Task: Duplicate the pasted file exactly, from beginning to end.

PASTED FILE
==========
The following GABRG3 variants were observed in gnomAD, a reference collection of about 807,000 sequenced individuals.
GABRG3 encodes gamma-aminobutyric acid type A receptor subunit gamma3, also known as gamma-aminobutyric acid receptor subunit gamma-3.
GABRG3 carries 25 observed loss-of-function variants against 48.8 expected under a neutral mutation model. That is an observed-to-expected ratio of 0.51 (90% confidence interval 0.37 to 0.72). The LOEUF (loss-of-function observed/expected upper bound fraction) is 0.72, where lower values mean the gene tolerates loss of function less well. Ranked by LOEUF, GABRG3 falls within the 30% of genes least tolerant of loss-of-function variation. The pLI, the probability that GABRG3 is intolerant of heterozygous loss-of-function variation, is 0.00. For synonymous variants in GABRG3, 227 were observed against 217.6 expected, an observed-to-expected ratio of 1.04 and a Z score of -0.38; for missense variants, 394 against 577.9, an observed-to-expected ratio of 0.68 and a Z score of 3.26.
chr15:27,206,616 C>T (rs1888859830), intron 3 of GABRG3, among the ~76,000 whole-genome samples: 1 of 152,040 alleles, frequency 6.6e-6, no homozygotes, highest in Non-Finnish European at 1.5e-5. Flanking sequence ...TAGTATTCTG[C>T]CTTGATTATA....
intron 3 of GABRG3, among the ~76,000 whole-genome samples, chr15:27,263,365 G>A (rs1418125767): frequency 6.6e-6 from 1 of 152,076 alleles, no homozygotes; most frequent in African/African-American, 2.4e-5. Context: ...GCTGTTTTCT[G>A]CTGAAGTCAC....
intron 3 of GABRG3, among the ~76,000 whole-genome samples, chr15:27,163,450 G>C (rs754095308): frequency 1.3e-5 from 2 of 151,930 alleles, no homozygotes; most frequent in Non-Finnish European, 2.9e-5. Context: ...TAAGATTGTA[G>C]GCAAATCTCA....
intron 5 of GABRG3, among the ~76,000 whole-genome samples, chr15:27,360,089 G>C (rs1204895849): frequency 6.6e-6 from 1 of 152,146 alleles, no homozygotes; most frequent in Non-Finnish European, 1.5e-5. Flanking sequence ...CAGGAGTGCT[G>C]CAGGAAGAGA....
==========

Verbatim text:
The following GABRG3 variants were observed in gnomAD, a reference collection of about 807,000 sequenced individuals.
GABRG3 encodes gamma-aminobutyric acid type A receptor subunit gamma3, also known as gamma-aminobutyric acid receptor subunit gamma-3.
GABRG3 carries 25 observed loss-of-function variants against 48.8 expected under a neutral mutation model. That is an observed-to-expected ratio of 0.51 (90% confidence interval 0.37 to 0.72). The LOEUF (loss-of-function observed/expected upper bound fraction) is 0.72, where lower values mean the gene tolerates loss of function less well. Ranked by LOEUF, GABRG3 falls within the 30% of genes least tolerant of loss-of-function variation. The pLI, the probability that GABRG3 is intolerant of heterozygous loss-of-function variation, is 0.00. For synonymous variants in GABRG3, 227 were observed against 217.6 expected, an observed-to-expected ratio of 1.04 and a Z score of -0.38; for missense variants, 394 against 577.9, an observed-to-expected ratio of 0.68 and a Z score of 3.26.
chr15:27,206,616 C>T (rs1888859830), intron 3 of GABRG3, among the ~76,000 whole-genome samples: 1 of 152,040 alleles, frequency 6.6e-6, no homozygotes, highest in Non-Finnish European at 1.5e-5. Flanking sequence ...TAGTATTCTG[C>T]CTTGATTATA....
intron 3 of GABRG3, among the ~76,000 whole-genome samples, chr15:27,263,365 G>A (rs1418125767): frequency 6.6e-6 from 1 of 152,076 alleles, no homozygotes; most frequent in African/African-American, 2.4e-5. Context: ...GCTGTTTTCT[G>A]CTGAAGTCAC....
intron 3 of GABRG3, among the ~76,000 whole-genome samples, chr15:27,163,450 G>C (rs754095308): frequency 1.3e-5 from 2 of 151,930 alleles, no homozygotes; most frequent in Non-Finnish European, 2.9e-5. Context: ...TAAGATTGTA[G>C]GCAAATCTCA....
intron 5 of GABRG3, among the ~76,000 whole-genome samples, chr15:27,360,089 G>C (rs1204895849): frequency 6.6e-6 from 1 of 152,146 alleles, no homozygotes; most frequent in Non-Finnish European, 1.5e-5. Flanking sequence ...CAGGAGTGCT[G>C]CAGGAAGAGA....